- Chapter 7 bankruptcy will ruin my credit for 7 years
It is true that the bankruptcy is reported for up to 7 years after you file your bankruptcy. However, it does not negatively affect you for that long. At the end of your Chapter 7 bankruptcy, you will be debt free (with some exceptions like student loans), which positively impacts your credit. I’ve had clients finance car and home purchases without issue after their Chapter 7 bankruptcy cases.
- I’m going to lose my house and car
This almost never occurs in a Chapter 7 bankruptcy. In Nebraska, you can protect and keep your home in a Chapter 7 bankruptcy as long as you are current on payments when you file and your home has $60,000 or less in equity.
As for your car, you can retain and keep it, if you’re current on payments and your vehicle has less than $10,000 in equity. This is because in Nebraska, you can use the vehicle exemption, which is $5000, and the wild card exemption, which is $5,000, to protect one vehicle. For a couple filing the Chapter 7 bankruptcy jointly, those amounts can be doubled.
- Filing bankruptcy is only for people that are behind on making payments
You don’t have to be behind to file Chapter 7 bankruptcy. Actually, the best time to look into whether to file is prior to or soon after defaulting on payments.
Example: Your monthly minimum payments are $1000. You were able to keep up with the payments until your former girlfriend decided she was going to move out. With less income coming into your household, you won’t be able to make next month’s credit card payments.
- I make too much money to file Chapter 7 bankruptcy
The bankruptcy law includes something called the Means Test, which takes an average of your monthly income for the last six (6) months from all sources (excluding Social Security income), annualizes it (multiplies by 12), and compares it to the median income for your household size. If you’re below the median, you are good to go with a Chapter 7 bankruptcy. If you are above median, you usually are not. However, the Means Test has a 2nd step if you’re above median income that takes into account qualified and allowed expenses (i.e. child support payments, taxes, child care, etc.). Sometimes you may still qualify for a Chapter 7 bankruptcy after this 2nd step even though initially your income was “too high”.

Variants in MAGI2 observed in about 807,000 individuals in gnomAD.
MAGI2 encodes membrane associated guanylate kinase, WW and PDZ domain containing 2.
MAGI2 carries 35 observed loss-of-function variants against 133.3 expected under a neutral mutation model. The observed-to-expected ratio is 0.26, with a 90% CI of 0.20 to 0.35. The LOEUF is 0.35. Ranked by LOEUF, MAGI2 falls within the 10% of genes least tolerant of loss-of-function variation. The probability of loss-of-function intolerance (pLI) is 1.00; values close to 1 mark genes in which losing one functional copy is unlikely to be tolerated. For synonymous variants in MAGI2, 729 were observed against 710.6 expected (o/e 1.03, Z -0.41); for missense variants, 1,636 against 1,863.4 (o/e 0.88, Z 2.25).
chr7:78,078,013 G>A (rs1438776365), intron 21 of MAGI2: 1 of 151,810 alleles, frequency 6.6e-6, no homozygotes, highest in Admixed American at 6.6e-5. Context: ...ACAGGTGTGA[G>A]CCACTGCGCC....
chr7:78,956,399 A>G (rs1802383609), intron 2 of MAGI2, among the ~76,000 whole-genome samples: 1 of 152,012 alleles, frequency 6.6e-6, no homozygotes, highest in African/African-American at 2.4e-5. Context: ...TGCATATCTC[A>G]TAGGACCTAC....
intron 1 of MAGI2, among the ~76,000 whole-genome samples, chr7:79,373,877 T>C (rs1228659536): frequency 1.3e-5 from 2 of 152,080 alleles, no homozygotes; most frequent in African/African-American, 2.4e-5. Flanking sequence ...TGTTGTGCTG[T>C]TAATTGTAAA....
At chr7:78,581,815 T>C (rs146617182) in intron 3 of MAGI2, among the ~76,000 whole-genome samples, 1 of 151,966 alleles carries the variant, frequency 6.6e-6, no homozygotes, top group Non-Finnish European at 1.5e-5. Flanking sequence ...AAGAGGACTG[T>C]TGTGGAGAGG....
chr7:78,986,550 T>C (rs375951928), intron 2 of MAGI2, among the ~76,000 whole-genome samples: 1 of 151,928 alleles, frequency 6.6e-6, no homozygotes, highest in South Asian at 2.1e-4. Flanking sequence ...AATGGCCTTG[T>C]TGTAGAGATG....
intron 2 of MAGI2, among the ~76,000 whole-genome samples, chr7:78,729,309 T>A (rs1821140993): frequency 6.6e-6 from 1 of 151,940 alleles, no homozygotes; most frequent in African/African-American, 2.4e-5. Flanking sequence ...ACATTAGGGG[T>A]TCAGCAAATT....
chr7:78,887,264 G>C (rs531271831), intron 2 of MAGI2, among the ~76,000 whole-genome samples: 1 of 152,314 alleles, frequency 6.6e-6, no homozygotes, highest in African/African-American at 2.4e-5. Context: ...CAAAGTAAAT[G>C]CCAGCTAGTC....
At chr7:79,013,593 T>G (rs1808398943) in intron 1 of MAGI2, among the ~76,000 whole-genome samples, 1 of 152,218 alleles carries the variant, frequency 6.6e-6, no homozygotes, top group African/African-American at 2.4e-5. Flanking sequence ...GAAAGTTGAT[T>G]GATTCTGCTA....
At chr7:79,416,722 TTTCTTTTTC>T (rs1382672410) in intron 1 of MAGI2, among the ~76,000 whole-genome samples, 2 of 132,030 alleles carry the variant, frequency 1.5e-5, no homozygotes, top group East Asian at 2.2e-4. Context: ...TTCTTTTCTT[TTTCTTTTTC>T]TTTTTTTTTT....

- If I file, my spouse has to file bankruptcy with me
You are allowed to file a Chapter 7 bankruptcy without your spouse. Sometimes this makes a lot of sense. Two common scenarios are when your debt was incurred prior to marriage or you have business-related debt that is only in your name. If you are married and decide to file Chapter 7 bankruptcy without your spouse, you may still have to provide your spouse’s income and assets. However, your spouse’s identifying information, such as Social Security number and name do not have to be disclosed.
There is a lot of misinformation and fear on the internet regarding Chapter 7 bankruptcy, much of which is false and keeps people from using a viable solution to address their debts and move forward.
Figuring out whether to file Chapter 7 bankruptcy can be overwhelming. Contact Koenig│Dunne today and schedule your free consultation with one of our experienced bankruptcy attorneys.